Simple Time With God

I make to claim to being an expert on the topic of Spiritual Disciplines. Reading on the topic of Spiritual Disciplines doesn’t automatically make me (or you) an expert. Yet, paradoxically, I understand their importance and appreciate their benefits when I do practice them. I struggle to maintain regular times of prayer and personal devotional Bible reading. I often allow the inane busyness of life and leisure to steal my simplicity of time with God.

Having made that opening disclaimer, here are some tips I’ve picked up along the way that may be useful for you.  I’ve found most churches give very little instruction on Spiritual Disciplines while expecting everyone to engage in them. Whether you’ve never made a serious attempt before or are looking to refresh you current routine, I hope you find these simple tips useful:

PRAYER

Josh Graves recently shared an interview with Mother Teresa who commented “I don’t think that I could do this work for even one week if I didn’t have four hours of prayer every day.” Do you feel intimidated? I do. That’s admirable discipline on her part, but probably not a realistic target for most of us.  But the only way of having any hope of getting anywhere near that is to take small steps.

The biggest mistake I’ve made with the discipline of prayer has been trying to get through my whole list every time I sit down to pray. I can easily make a long list of friends, family, church members, missionaries I know, world causes… and then it would take me at least an hour and that’s without getting to my personal thoughts and desires.

If I’m new to spiritual disciplines then I need to take baby steps. If I can pray 3 times a week for 15 minutes and maintain it for 2 or 3 months, that’s tremendous progress.  Attempting an hour a day (or four hours!) is like running a marathon with no training. It’s almost always doomed to fail.

So my big tip here is to break your list up into smaller lists. Maybe there are some people or situations you pray for every day, but others that you only pray for on Tuesdays and Thursdays.  Or you can give every day a different theme: Thanksgiving, Church needs, Family members, People outside of Christ, etc.

A last practice I’ve employed from time to time is to carry a list in the car with me.  When I get a red light, rather than cursing the delay, I use the time to pray for the next person on my list. Some days I get a long way through the list and the red lights bring me closer to God, rather than tempting my patience.  Just remember to keep your eyes open so you don’t get honked at when you miss the light turning green!

READING SCRIPTURE

Again, my first advice here is not to get too ambitious. I know many people that want to start or renew a habit of regular time in God’s Word, so they commit to read the Bible in a year.  That’s a least half an hour a day.  And that’s half an hour of constant reading.  There’s certainly a place for reading the Bible in a year as it greatly increases our familiarity with Scripture, but it’s not necessarily the best way.  (Check out www.YouVersion.com for a huge range of reading plans including shorter readings and shorter periods of time. They’ll even email you the reading every day if you want.)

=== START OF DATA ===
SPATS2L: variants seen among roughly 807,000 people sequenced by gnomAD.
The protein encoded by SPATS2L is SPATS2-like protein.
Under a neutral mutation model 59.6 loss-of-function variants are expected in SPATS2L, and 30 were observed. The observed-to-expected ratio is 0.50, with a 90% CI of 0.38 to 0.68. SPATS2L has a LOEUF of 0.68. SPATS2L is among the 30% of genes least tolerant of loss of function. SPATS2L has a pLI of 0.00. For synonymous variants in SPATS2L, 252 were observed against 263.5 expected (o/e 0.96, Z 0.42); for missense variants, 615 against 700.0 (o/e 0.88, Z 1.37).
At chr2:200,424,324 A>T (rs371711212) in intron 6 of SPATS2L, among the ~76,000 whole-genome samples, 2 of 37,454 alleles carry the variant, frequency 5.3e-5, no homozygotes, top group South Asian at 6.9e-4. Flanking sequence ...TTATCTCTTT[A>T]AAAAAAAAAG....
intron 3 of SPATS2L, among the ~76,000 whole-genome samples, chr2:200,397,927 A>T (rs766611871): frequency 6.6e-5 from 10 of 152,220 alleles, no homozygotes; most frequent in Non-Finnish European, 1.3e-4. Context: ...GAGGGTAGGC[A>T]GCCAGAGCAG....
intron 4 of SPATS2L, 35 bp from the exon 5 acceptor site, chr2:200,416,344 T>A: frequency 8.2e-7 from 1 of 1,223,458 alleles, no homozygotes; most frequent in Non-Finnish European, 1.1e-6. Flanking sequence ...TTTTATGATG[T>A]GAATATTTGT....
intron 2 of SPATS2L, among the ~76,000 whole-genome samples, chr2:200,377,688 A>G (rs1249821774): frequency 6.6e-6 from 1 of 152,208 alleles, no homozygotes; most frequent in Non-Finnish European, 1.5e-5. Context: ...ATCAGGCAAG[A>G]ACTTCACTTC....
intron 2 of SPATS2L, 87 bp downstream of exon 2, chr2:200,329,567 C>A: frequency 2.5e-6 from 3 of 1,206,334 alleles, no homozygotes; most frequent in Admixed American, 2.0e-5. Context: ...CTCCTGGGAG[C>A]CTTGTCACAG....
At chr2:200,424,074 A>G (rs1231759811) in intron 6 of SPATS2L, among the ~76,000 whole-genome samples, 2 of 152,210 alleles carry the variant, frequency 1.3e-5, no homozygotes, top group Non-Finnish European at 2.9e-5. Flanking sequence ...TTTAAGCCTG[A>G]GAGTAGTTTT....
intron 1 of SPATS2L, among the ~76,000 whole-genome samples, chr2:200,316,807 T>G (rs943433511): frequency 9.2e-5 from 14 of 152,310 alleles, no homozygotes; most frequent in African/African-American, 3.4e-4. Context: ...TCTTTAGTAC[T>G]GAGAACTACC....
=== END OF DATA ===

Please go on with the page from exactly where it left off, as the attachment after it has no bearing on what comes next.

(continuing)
If you’re setting aside 15 minutes for Bible reading every day, or a couple of times a week, I recommend that you plan for at least 5 of those minutes to involve reflection on what you’ve just read.  You might want to give yourself a standard set of questions to consider.  For example:

  • How would I feel I was reading this as the original reader? (offended, reassured, comforted)
  • Does this chapter or passage speak directly to a situation in my life?
  • Is there a particular word that caught my attention for any reason? (take some time and think on that word)
  • How do I need to respond to this reading? (as a whole, or a particular verse)

Then close your time by praying in a way that includes what you’ve just read.

FINALLY, if you have more like half an hour, in Rick Warren’s book, Bible Study Methods (p39-40), he recommends using the S-P-A-C-E-P-E-T-S acrostic to direct your meditation.  After you’ve narrowed your contemplation down to a shorter passage or verse, work through these questions.  Is there any…

  • Sin to confess? Do I need to make any restitution?
  • Promise to claim? Is it a universal promise? Have I met the condition(s)?
  • Attitude to change? Am I willing to work on a negative attitude and begin building toward a positive one?
  • Command to obey? Am I willing to do it no matter how I feel?
  • Example to follow? Is it a positive example for me to copy, or a negative one to avoid?
  • Prayer to pray? Is there anything I need to pray back to God?
  • Error to avoid? Is there any problem that I should be alert to or beware of?
  • Truth to believe? What new things can I learn about God the Father, Jesus Christ, the Holy Spirit, or other biblical teachings?
  • Something to praise God for? Is there something here I can be thankful for?

In both prayer and Scripture reading, look for God to speak to your life.  God’s goal is for us to be transformed into His image, so be prepared to change. Don’t expect God to just pat you on the back and tell you to keep doing what you’re already doing.

Tomorrow, I hope to post some tips on the disciplines of silence & spiritual conversations.

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